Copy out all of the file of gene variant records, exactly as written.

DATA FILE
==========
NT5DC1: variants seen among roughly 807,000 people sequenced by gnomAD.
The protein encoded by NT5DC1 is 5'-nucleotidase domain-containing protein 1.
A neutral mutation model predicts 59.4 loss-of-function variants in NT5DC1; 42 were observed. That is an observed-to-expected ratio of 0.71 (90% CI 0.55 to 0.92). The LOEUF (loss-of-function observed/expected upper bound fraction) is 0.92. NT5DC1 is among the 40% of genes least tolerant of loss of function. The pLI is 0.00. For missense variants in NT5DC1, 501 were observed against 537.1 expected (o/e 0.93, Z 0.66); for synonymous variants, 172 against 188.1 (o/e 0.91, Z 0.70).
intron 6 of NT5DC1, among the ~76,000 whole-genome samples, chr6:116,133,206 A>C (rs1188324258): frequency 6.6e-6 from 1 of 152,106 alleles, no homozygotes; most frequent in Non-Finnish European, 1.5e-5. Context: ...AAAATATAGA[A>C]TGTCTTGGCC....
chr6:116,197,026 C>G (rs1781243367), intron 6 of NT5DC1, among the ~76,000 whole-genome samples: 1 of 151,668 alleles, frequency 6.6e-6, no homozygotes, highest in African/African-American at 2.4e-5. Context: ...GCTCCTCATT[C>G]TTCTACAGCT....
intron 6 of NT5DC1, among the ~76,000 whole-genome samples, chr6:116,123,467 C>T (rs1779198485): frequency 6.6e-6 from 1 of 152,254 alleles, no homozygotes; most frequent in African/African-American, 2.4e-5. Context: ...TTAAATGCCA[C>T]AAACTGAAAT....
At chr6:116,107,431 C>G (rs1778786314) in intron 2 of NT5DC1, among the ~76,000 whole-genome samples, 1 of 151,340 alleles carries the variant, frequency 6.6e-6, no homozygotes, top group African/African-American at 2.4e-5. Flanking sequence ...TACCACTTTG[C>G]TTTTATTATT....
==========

NT5DC1: variants seen among roughly 807,000 people sequenced by gnomAD.
The protein encoded by NT5DC1 is 5'-nucleotidase domain-containing protein 1.
A neutral mutation model predicts 59.4 loss-of-function variants in NT5DC1; 42 were observed. That is an observed-to-expected ratio of 0.71 (90% CI 0.55 to 0.92). The LOEUF (loss-of-function observed/expected upper bound fraction) is 0.92. NT5DC1 is among the 40% of genes least tolerant of loss of function. The pLI is 0.00. For missense variants in NT5DC1, 501 were observed against 537.1 expected (o/e 0.93, Z 0.66); for synonymous variants, 172 against 188.1 (o/e 0.91, Z 0.70).
intron 6 of NT5DC1, among the ~76,000 whole-genome samples, chr6:116,133,206 A>C (rs1188324258): frequency 6.6e-6 from 1 of 152,106 alleles, no homozygotes; most frequent in Non-Finnish European, 1.5e-5. Context: ...AAAATATAGA[A>C]TGTCTTGGCC....
chr6:116,197,026 C>G (rs1781243367), intron 6 of NT5DC1, among the ~76,000 whole-genome samples: 1 of 151,668 alleles, frequency 6.6e-6, no homozygotes, highest in African/African-American at 2.4e-5. Context: ...GCTCCTCATT[C>G]TTCTACAGCT....
intron 6 of NT5DC1, among the ~76,000 whole-genome samples, chr6:116,123,467 C>T (rs1779198485): frequency 6.6e-6 from 1 of 152,254 alleles, no homozygotes; most frequent in African/African-American, 2.4e-5. Context: ...TTAAATGCCA[C>T]AAACTGAAAT....
At chr6:116,107,431 C>G (rs1778786314) in intron 2 of NT5DC1, among the ~76,000 whole-genome samples, 1 of 151,340 alleles carries the variant, frequency 6.6e-6, no homozygotes, top group African/African-American at 2.4e-5. Flanking sequence ...TACCACTTTG[C>G]TTTTATTATT....